Once the new model is in place for new clients, introduce it to existing clients. Inform your full client roster about the availability of business advisory services, then work with them individually and focus on their specific needs. Firms should also work methodically to make personal contacts with all clients in a set time period; and they shouldn’t require clients to make a change or do anything differently. Firms need to just explain to clients the benefits and options these new services can bring.
Traditional tax & accounting services remain critical in this model. They ensure the client is compliant with the law and operationally sound, and they also make sure the business’s financial planning takes place on a solid ground. These bread-and-butter services are foundational as the accounting firm transitions to an advisory role, but they are no longer the central product. Providing business guidance now takes center stage, because it delivers tangible value going forward — value that’s built on a solid understanding of past results and current conditions.
Evolve with the client’s life cycle
Construct your services — both advisory and traditional compliance work — to meet the needs of business clients as they move through each stage of their lifecycle. “When the client’s business is ready for growth, they’re going to need a certain set of advisory services,” Hill explains. “If it’s experiencing decline, they’ll need another. If they’re planning to sell the business, they’ll need a different type of support.”
It’s also important for firms to remain flexible. “Basic compliance work — what we often refer to as maintenance — might grow or shrink at different stages, but it’s a constant throughout the lifecycle,” he adds. “Whether clients are adding more entities or taking them away, hiring or firing staff, or whatever it may be, the maintenance continues. Meanwhile, the client’s business lifecycle and operating environment dictate what advisory services will be needed next.”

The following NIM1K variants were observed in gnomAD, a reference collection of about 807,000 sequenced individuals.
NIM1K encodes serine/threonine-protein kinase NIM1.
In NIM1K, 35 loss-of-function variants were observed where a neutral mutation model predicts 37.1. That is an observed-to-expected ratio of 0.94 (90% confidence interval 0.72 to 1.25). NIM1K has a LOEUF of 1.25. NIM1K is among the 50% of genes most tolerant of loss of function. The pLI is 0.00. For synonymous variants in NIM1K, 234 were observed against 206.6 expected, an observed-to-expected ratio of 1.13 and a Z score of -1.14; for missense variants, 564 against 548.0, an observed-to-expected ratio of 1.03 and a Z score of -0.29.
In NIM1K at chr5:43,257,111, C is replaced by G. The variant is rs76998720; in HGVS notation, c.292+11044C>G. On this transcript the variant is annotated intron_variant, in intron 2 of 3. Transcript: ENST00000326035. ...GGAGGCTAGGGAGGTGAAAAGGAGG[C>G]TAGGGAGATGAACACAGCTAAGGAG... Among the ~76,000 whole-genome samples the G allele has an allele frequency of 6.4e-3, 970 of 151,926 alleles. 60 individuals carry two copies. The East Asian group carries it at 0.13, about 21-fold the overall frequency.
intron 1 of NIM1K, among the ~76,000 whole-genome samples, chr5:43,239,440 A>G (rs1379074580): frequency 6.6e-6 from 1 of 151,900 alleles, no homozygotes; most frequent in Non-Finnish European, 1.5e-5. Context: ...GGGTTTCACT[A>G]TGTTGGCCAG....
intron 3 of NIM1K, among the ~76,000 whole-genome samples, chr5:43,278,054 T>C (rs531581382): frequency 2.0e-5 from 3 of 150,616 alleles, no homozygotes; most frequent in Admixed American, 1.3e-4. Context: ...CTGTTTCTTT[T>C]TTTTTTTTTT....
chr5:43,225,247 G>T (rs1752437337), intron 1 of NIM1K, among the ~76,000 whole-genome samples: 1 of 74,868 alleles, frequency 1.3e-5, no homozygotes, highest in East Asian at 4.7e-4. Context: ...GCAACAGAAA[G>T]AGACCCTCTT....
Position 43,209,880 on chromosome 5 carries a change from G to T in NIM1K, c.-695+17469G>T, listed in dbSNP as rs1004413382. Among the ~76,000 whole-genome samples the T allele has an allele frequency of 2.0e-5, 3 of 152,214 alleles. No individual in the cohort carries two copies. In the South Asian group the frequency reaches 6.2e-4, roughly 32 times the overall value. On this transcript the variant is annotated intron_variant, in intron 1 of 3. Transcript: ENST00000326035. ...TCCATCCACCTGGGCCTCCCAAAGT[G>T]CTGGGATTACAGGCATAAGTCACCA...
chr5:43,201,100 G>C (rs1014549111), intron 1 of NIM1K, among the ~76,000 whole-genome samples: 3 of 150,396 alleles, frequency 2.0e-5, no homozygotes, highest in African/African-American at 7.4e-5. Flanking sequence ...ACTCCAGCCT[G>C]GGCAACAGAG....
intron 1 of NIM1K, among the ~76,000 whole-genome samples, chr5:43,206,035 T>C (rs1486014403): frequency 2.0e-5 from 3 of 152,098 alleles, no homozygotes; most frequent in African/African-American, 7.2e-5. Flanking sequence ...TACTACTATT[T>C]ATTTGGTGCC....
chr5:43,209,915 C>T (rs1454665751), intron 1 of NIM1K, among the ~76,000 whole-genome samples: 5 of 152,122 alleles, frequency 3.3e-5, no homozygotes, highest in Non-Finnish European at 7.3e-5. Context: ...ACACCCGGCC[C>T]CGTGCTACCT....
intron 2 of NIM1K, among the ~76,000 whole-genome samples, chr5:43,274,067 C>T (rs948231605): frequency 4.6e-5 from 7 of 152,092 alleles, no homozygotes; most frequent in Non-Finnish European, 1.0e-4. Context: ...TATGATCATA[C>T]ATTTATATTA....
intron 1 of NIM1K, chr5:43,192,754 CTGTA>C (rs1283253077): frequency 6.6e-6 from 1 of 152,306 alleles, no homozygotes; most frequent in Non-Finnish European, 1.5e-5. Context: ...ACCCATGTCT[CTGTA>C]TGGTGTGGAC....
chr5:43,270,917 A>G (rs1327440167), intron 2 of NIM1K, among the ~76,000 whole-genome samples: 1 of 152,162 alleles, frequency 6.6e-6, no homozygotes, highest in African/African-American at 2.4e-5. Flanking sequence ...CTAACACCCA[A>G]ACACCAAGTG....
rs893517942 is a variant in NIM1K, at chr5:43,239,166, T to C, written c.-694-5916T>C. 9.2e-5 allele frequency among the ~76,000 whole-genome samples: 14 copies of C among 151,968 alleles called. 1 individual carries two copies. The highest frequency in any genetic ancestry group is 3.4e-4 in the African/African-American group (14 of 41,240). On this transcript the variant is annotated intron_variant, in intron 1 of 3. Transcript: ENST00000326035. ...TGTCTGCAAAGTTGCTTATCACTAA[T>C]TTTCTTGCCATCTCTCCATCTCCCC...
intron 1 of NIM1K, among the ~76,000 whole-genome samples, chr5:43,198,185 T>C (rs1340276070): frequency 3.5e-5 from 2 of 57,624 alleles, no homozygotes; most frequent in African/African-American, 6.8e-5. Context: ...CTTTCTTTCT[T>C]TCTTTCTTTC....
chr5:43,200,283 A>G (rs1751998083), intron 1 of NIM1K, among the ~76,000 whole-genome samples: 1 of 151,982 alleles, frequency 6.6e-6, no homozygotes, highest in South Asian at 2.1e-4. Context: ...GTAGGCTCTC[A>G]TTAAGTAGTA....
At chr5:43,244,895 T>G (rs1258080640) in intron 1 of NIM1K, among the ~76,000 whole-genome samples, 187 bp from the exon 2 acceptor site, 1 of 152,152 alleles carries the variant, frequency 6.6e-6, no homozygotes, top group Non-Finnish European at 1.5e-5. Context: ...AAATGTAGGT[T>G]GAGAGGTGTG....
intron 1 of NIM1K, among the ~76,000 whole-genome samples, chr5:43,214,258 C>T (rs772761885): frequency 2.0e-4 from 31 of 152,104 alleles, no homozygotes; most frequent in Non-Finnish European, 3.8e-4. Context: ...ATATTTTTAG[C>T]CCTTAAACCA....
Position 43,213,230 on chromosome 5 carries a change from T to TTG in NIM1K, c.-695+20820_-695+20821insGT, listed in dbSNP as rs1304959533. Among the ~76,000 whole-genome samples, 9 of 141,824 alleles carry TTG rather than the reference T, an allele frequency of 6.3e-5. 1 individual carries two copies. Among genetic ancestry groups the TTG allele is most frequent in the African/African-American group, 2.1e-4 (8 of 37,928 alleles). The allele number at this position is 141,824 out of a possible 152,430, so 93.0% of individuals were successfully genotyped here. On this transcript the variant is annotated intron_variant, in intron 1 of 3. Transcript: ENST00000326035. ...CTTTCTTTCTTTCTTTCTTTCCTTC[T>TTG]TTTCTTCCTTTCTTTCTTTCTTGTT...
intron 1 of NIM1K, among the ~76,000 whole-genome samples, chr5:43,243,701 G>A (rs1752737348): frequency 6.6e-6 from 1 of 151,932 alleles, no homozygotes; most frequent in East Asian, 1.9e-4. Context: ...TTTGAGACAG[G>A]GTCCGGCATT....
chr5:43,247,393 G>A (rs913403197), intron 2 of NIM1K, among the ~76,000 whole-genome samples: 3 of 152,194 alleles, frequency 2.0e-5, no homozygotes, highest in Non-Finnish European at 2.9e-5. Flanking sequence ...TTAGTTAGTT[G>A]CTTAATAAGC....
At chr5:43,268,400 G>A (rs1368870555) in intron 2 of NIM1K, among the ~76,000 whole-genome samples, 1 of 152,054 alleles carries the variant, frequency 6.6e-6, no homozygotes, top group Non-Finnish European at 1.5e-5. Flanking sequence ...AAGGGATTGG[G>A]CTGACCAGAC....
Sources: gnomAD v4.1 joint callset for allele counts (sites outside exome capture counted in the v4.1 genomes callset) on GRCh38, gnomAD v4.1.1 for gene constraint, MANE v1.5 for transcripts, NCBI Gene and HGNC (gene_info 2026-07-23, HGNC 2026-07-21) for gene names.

Change the nature of the client relationship
Firms should seek to reinforce their new operating model by making and maintaining concrete changes that instill day-to-day work with an advisory mindset. This will reinforce for everyone — staff and clients — that the nature of the relationship has changed permanently.
This process might include twice-yearly consulting meetings to review business performance, chart progress against goals, evaluate operating changes and challenges, and examine future needs. Firms need to do this even with clients that haven’t signed on for advisory services in order to potentially change the nature of the engagement.
And firms also need to include their pricing methods in this evolving relationship. For example, firms could move to fixed monthly rates for a package that includes accounting and tax services, a quarterly financial review, and the twice-a-year consulting meetings. Remember, you can move to higher fixed rates as the client takes on more advisory services.
“The relationship has a different scope now,” Hill says. “It requires a mental adjustment for both parties to ask, “Hey, what are we here for? We’re not here just to do a tax form. We’re here to help the client reach their goals.’”